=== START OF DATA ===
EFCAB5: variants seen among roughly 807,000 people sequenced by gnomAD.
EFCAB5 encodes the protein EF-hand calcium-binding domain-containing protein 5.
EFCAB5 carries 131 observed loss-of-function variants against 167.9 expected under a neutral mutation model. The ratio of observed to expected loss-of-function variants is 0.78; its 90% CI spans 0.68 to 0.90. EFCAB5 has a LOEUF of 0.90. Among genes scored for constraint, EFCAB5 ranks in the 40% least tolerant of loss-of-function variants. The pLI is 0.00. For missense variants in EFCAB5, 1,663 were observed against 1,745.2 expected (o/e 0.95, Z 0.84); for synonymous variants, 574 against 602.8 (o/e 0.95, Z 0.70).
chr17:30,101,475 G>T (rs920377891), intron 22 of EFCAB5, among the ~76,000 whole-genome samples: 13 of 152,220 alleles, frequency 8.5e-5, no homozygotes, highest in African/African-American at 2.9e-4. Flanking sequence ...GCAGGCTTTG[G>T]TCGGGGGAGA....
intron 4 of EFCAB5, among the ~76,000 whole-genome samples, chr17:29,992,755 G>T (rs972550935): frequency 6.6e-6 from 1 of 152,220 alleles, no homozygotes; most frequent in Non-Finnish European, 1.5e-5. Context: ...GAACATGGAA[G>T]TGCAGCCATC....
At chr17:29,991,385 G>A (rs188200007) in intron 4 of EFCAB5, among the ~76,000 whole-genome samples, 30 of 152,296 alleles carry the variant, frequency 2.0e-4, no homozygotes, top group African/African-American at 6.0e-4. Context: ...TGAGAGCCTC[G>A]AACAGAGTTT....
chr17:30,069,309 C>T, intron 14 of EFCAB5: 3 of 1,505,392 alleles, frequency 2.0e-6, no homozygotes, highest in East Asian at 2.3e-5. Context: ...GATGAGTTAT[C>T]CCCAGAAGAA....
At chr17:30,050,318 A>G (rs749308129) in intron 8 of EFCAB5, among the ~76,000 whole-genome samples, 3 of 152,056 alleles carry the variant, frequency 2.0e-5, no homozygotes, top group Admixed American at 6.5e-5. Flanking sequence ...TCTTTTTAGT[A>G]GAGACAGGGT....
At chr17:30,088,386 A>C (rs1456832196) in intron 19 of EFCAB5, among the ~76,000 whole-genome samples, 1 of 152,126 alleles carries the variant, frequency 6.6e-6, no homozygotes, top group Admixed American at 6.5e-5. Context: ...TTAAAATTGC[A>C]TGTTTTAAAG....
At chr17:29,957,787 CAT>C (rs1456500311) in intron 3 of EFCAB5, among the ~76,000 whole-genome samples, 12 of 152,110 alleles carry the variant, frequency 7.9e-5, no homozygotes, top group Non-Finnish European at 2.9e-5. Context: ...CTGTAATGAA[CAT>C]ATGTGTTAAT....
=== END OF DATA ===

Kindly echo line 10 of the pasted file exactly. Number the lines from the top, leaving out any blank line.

At chr17:29,957,787 CAT>C (rs1456500311) in intron 3 of EFCAB5, among the ~76,000 whole-genome samples, 12 of 152,110 alleles carry the variant, frequency 7.9e-5, no homozygotes, top group Non-Finnish European at 2.9e-5. Context: ...CTGTAATGAA[CAT>C]ATGTGTTAAT....